General Sites
Need Background Information? Places to start looking? Definitions for terms?

Association of Biomolecular Research Facilities
Contains links to descriptions of methods. Could be helpful for understanding journal articles

Biology Website references for student's and teachers
Billed as 'Over 4,100 sites in thirteen biological areas Hyperlinks checked frequently for accessibility'

Cell Biology Dept—U of Texas medical branch
If enter this site and use "return to menu’ at bottom -- links to many topics covered in their cell bio course

Cell and Molecular Biology Online
good general link to many other websources

Dictionary of Cell Biology
Was that ribosome or rhizome? Check the dictionary and see which fits.

InScight Discussion topics
Discussion groups on a variety of topics brought to you by Academic Press

UCSD --Scott Emrs lab web site.
Cool picture and some good links including databases and online journals-- no password necessary to browse.

The Scientist-News Journal with free subscription available
Can hit on just about every topic depending on the issue

The Biology Project
Cell cycle link from here but good for others too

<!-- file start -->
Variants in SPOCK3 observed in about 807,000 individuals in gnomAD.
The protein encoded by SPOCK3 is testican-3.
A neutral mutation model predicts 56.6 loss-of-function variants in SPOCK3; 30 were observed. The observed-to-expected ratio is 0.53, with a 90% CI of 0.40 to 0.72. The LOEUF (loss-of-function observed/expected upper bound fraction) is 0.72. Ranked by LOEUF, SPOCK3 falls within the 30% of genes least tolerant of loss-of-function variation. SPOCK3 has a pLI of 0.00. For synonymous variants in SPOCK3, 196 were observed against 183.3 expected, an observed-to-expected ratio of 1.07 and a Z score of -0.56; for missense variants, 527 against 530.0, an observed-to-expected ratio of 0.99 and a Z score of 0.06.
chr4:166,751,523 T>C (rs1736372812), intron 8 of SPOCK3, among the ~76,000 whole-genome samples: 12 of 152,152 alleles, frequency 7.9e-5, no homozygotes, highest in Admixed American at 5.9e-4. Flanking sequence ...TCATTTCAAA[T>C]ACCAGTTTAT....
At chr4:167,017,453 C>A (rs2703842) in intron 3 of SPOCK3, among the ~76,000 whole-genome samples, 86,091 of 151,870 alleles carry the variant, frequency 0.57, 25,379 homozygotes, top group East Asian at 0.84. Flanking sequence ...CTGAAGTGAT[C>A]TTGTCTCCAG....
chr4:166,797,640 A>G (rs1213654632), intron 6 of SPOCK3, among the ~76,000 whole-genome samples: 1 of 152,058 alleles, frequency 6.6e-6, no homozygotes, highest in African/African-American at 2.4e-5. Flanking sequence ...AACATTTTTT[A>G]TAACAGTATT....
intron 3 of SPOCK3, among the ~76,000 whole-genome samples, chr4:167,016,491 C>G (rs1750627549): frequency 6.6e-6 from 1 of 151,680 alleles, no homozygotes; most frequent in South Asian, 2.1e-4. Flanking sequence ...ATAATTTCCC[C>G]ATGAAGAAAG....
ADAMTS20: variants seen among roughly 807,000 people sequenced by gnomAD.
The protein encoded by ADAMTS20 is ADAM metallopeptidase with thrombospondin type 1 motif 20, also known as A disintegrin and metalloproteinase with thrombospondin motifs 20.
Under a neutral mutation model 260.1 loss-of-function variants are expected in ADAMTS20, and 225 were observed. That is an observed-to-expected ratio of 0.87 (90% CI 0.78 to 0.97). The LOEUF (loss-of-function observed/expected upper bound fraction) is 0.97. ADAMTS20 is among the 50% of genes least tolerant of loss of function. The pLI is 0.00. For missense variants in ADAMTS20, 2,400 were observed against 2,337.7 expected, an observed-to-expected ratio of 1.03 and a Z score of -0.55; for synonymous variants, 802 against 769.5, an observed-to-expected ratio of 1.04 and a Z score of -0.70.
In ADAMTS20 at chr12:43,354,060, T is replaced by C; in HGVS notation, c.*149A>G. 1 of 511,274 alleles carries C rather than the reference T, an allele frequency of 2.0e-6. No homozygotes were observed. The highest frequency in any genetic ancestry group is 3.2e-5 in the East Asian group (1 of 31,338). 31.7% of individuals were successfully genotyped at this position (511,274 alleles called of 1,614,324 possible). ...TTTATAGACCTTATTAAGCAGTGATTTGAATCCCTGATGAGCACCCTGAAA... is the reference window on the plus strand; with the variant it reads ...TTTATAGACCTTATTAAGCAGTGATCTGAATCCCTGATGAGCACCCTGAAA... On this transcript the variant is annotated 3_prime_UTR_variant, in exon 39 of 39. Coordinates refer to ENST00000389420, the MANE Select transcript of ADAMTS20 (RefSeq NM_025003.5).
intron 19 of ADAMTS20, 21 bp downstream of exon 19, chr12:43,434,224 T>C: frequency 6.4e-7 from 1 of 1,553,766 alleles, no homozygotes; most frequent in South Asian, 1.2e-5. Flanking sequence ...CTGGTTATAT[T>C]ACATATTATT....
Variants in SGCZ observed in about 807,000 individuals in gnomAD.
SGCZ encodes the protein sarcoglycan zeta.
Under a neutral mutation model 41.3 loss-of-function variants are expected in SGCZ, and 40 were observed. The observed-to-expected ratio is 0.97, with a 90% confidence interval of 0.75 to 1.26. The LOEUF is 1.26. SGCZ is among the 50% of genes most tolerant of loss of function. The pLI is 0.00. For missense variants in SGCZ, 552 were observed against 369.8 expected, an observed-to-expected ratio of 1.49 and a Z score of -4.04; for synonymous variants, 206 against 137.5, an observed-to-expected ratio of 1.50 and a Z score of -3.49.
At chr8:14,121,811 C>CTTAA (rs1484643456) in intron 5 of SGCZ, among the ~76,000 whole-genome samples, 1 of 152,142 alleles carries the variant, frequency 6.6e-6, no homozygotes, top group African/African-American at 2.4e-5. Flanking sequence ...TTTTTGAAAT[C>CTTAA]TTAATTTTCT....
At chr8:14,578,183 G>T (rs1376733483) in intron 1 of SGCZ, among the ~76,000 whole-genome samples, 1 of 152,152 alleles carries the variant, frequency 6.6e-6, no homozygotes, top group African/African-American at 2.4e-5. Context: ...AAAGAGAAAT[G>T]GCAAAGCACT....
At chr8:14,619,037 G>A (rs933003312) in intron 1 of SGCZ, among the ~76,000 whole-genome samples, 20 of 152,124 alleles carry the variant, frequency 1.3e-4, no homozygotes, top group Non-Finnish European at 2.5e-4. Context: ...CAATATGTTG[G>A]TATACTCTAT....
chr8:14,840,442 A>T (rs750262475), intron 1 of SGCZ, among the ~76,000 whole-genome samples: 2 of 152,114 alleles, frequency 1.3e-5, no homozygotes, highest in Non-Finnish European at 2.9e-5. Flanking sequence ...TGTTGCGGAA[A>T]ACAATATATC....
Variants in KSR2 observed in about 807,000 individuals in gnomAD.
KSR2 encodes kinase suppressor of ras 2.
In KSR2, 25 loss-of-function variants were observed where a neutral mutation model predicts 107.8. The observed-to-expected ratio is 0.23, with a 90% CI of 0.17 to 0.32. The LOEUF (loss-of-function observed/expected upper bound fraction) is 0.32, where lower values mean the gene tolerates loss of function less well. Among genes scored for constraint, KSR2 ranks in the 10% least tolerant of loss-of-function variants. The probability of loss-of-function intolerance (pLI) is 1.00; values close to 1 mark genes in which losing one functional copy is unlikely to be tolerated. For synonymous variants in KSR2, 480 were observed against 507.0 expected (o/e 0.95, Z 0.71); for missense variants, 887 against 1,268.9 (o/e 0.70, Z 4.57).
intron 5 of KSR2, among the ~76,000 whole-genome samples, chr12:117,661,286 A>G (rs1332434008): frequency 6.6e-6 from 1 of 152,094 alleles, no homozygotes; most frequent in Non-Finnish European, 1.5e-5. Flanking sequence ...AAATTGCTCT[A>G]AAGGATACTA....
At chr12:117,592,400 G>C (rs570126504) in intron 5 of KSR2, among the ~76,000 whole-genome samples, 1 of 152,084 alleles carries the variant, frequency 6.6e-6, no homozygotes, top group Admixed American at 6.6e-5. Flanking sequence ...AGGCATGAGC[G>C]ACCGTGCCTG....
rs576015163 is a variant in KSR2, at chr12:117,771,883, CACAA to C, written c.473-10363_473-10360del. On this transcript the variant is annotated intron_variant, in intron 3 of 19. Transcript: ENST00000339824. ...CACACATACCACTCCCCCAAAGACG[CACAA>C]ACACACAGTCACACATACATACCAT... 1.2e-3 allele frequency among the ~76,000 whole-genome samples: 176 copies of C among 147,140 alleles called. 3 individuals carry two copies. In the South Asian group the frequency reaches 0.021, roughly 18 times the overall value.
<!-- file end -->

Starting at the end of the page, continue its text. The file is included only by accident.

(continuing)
Yale- Peter Novick’s Lab Homepage
Links to journals, databases, career links (back up a link and get info on his lab’s work in vesicular traffic)
Scroll down past all of the Yale specific links to the Cell Bio ones.

Pedro's BioMolecular Research Tools
Has a whole section of links to Guides and Tutorials

This is a good link to find articles about certain areas.The site itself gives abstracts of the articles and provides some links to see the online versions of the articles. Definitely a 5 if you are looking for articles


Biological membranes
This site provides a variety of detailed information regarding the components of cellular membranes. There are also some links to sites that provide thorough explanations of diagrams and photos as well.
Overall Rating: 5
This site is helpful because it allows you to select different concepts about the cell membrane from a main menu. Each concept then includes a detailed but concise summary and helpful diagrams and pictures. There is also a quiz included to help you review the important ideas about the cell membrane along with an overall summary. Overall Rating: 4
This site is useful because it is well organized with headings about each of the components of the cell membrane. Each component is explained briefly; therefore, this site would be helpful for a quick, last minute review. Key terms and concepts have links that let you view the definitions.
Overall Rating: 4
We recommend this site because it contains straightforward explanations of concepts accompanying bold, colorful images. However, this site concentrates on lipids and barely mentions the function of the proteins in describing the lipid bilayer. Definitions can be accessed for key terms via links.